You can find great deals on just about any record or CD you're after. You just need to know where to look.
SONIC BOOM (512 Bloor West, 416-532-0334)
Want a cheap copy of a just-released punk or hiphop CD? Sonic Boom's retail strategy of volume, volume, volume means it'll likely turn up here first. The catch is that you need to be there when it arrives and plow through a few hundred unalphabetized Barry Manilow, Lindsay Lohan and Green Day discs to find it.
RIC'S COLLECTIBLES (155 Main at Gerrard, 416-690-6399)
Ric's has loads of trad jazz, classic rock, folk, soul, country and disco along with piles (literally) of 7-inch singles at very reasonable prices, but be prepared to spend a few hours digging.
COSMOS WEST (663 Queen West, 416-861-9228)
Most people don't associate bargains with Cosmos (607 Queen West), the city's premier rare groove vendor, but owner Aki Abe has opened a second Cosmos store further west on Queen and stocked it with heaps of great bop and post-bop jazz vinyl priced to sell in addition to hiphop and disco singles and some 70s rock LPs.
LOST N FOUND (974 Bathurst, 416-538-2788)
A welcome addition to Toronto's second-hand record retailing community, Lost n Found is already developing a niche by stocking the vintage stoner psych, Euro-prog, hippie folk and sample-friendly fusion records you won't see in any other store. And the prices are well below those you'd pay on eBay. You'll also find limited-edition reissues of obscenely rare private-press curios on heavy-weight vinyl and CD.
Toronto is silly with throngs of promising artists, all of them itching to find venues to perform in. Lucky for local music fans with limited incomes, that results in a bonanza of cheap - or free - weekly events.
WAVELENGTH, Sunday nights at Sneaky Dee's (431 College, 416-603-3090), pwyc
A Toronto institution since it kicked off in 2000, the stellar weekly pwyc indie night remains a community-oriented hotspot for seeing offbeat bands - the Constantines and Broken Social Scene are Wavelength alumni - on their way to (sometimes cult) stardom.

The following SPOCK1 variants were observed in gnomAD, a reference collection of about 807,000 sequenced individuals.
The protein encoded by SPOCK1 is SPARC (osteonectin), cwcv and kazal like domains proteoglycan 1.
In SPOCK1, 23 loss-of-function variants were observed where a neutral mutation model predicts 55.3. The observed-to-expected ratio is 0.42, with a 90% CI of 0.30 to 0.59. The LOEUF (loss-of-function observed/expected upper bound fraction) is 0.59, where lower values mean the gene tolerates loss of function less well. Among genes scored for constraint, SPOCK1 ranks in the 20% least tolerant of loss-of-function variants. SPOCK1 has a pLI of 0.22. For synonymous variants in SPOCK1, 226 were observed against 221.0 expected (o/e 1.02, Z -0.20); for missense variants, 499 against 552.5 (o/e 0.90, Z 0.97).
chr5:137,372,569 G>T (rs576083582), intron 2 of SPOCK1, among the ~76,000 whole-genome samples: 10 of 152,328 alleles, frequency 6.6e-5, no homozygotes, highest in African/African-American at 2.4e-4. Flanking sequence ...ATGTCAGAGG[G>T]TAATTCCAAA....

OPEN MIC NIGHTS, at various venues in the downtown area, usually free
If you're into being the first person to discover total unknowns (or enjoy being part of a workshoppy process), Monday's a great bet to check out tons of free open mic nights. Skinflint students can take in free stages at the Free Times (320 College, 416-967-1078), the Tranzac (292 Brunswick, 416-923-8137) or the James Joyce (386 Bloor West, 416-324-9400), or haul ass down to Kensington Market to hear the next Alun Piggins at Graffiti's (170 Baldwin, 416-506-6699).
NU MUSIC TUESDAYS, Tuesday nights at the Horseshoe (370 Queen West, 416-598-4753), free
Radio-savvy scene stalwart Dave Bookman selects a mind-boggling array of rising bands for his regular Tuesday showcase at the 'Shoe. Amazingly, it's totally free. And more likely than not, Bookie's hooked up a sweet headliner; Jayhawk drummer Tim O'Reagan tested his solo stuff here a few weeks back.
HIGH LONESOME WEDNESDAYS, Wednesday nights at the Silver Dollar (486 Spadina, 416-763-9139)
Before bluegrass got trendy, some of T.O.'s finest fingerpickers - a loose-knit group known as Crazy Strings - hunkered down for weekly hoedowns at the delightfully dingy Silver Dollar. Frequent guests include mandolin master Dan Whiteley, Andrew Collins, Mark Roy and the banjo-playing Chrises (Coole and Quinn). Plus, the booze is dirt-cheap. Yee-haw.
TSOUNDCHECK, Toronto Symphony Orchestra at Roy Thomson Hall (60 Simcoe, www.tsoundcheck.com)
If Mahler and Mozart are more your bag and you're age 15 to 29, check out the Toronto Symphony Orchestra's TSOundcheck initiative. You're eligible for cut-rate tickets ($12) to most TSO performances (subject to availability) at Roy Thomson Hall. All you require is a TSOundcheck membership card (available at RTH or online at www.tsoundcheck.com), and you can start checking the site for upcoming tix (available up to a week before scheduled events).